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Course Outline CMN 2148 Winter 2013 syllabus

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Faculty of Arts
Department of Communications
CMN 2148 Section B
Organizational Communication (3 credits)
Jan 2013 – April 2013
Dr. Rumaisa Shaukat
Professor
E-Mail
TBA
[please double check the location with me before meeting as I
have more than one office on campus]
rshaukat@uottawa.ca (Preferred means of communication)
For any email query, in the subject colum write your course codes.
Office Hours
After the class on Thursday or By appointment only.
Class Location
DMS1140
Class Hours
Monday 11:30-1:00pm
Thursday 1:00-2:30pm
Office
Website:
Drop off Box for Assignments
Slides will be posted or emailed, NOT course notes. Please attend
classes!
TE22
DEPARTMENTAL COURSE DESCRIPTION
Course Deliverable
Due Date
In-class case analysis
In-class case analysis
In-class case analysis
In-class case analysis
In-class case analysis
In-class case analysis
Peer evaluation
Reflection Paper Due
Research report outline due
Research report
Role play outline due
Role play
Final exam
Jan 17th
Jan 24th
Jan 31st
Feb 7th
Mar 7th
Mar 18th
With all group assignments
Mar 7th
Feb 4th
Mar 21st
Feb 28th
Mar 21st –Mar 28th exclusively
Finals’ week (date and time
TBA)
1
Weight on Final
Grade
5%
5%
5%
5%
5%
5%
Please Read below
10%
Not submitting -5%
15%
Not submitting -5%
15%
30
Study of the basic concepts in interpersonal and organizational communication. Processes and
communication networks in the dyad, small groups and organizations.
COURSE INTRODUCTION
Organizational Communication is a critical exploration of the theories, structure, and processes of
communication in organizations. We will focus on communication competency as a linchpin of
organizational change and effectiveness, and address the nature of that competency at individual, group,
and organization-wide levels. Problems, issues, and techniques of organizational communication will be
analyzed through case studies, exercises, and projects. The examination of theory and examples is
intended to improve managerial effectiveness in communication and negotiation.
OBJECTIVES OF THE COURSE
Through active participation in this course, it is anticipated that students will be able to:
1. develop and enhance their knowledge of major theories, and concepts concerning organizational
communication;
2. identify the dominant challenges of organizational communication in a variety of workplace
settings, domestically and globally;
3. describe verbal and nonverbal communications and their specific impact on leadership,
management, problem solving, and decision making in organizations;
4. compare traditional and emerging theories of organizational communication;
5. analyze and compare the concepts and practices of communication at individual, group, and
organizational levels and demonstrate their application in a variety of workplace situations;
COURSE FORMAT
Class format will be a combination of lecture, academic videos, and group activities. Lectures will cover
general theoretical concepts as well as specific examples and material from assigned and additional
readings. Students are required and expected to read assigned chapters before coming to the class. In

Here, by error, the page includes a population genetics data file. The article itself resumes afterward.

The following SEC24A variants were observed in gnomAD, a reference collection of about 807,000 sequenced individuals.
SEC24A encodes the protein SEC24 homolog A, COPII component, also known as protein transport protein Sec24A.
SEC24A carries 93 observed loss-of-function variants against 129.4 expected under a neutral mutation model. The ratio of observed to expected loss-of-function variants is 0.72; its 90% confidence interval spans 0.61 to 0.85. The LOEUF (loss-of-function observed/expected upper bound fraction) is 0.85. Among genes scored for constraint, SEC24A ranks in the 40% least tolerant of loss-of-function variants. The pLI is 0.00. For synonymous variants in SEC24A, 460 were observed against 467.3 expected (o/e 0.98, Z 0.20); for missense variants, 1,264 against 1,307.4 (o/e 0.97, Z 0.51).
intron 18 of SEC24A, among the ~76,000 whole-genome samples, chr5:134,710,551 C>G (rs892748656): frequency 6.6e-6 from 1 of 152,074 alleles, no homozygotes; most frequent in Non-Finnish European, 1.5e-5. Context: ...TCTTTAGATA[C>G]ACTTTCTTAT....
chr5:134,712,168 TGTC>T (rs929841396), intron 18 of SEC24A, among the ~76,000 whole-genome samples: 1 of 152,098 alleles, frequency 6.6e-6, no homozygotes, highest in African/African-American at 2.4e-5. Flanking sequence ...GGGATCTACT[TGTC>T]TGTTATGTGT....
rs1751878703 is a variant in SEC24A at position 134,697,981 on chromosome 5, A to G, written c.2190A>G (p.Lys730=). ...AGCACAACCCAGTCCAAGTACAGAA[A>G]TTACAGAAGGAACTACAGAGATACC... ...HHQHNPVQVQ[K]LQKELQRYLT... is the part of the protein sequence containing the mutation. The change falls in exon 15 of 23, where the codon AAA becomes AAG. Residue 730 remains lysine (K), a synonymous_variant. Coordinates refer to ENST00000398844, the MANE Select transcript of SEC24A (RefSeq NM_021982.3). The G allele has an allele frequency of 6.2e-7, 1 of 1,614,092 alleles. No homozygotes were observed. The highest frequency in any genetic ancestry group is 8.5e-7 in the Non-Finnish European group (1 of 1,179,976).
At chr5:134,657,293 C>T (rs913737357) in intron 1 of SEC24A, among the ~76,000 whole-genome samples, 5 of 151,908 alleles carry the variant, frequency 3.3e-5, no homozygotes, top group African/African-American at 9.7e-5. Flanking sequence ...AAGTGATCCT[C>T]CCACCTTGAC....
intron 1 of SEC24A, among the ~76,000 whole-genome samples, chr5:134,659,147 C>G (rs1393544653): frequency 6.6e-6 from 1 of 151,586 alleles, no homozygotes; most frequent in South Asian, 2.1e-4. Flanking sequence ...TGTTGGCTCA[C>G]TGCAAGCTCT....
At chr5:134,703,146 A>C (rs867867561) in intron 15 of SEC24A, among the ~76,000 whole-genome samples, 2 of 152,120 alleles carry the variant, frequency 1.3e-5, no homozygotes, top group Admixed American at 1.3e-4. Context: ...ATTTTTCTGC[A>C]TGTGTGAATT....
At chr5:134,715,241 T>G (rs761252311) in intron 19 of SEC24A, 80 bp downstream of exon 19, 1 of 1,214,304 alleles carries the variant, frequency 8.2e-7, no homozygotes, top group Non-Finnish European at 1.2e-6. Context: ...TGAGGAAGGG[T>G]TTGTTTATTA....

addition, be prepared to ask questions if you do not understand any concept. Lectures will also, at times,
provide differing perspectives to what you read; you are expected to understand these differing
perspectives.
COURSE EXPECTATIONS
1. Emails: I communicate with students through their student uottawa email accounts. It is your
responsibility to check your emails as I will be sending important messages through this
medium.
2. Active Participation. Students are expected to attend, take notes, and participate in class. Students
are expected to maximize their own learning by actively participating in all activities. This
includes raising questions for discussion or clarification, bringing their own work and other
organizational (only professional and academic) experiences to discussion, and interacting
professionally and ethically with classmates and with the instructor.
3. Regular Attendance. As most of the course material is structured in such a way that it builds upon
itself, and because this class, for obvious reasons, places so much emphasis on the practice of
communication through discussion, exercises, etc., it is difficult for you to enhance your
interpersonal skills if you are not regularly present to practice them. Also, because you will be
part of a group requiring your involvement and input, attendance is something that you owe to
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4.
5.
6.
7.
8.
9.
your fellow group members. Therefore, punctual attendance and regular readings are strongly
recommended.
Follow Assignment Instructions. Carefully read the instructions for your written assignments
described in the course outline. Always use a title for your work. Strictly, follow the instructions
regarding page limit/font size/margins for your written submissions. In any case do not exceed
the required standard page limits for all submissions. Format for written submissions should
follow the American Psychological Association (APA) Publication Manual (5th Edition).
Keep duplicates of deliverables. For your protection, always keep a copy of your written
assignments (either soft copy or a hard copy). In case of loss, theft, destruction, dispute over
authorship, or any other eventuality, it will be your responsibility to provide a copy of your
written submissions.
Respect Deadlines. All deadlines need to be respected, and exceptions will be granted only in
extraordinary cases. No make up case study, no make up assignment. Projects which are
submitted after the due date without an agreed upon extension are considered late assignments.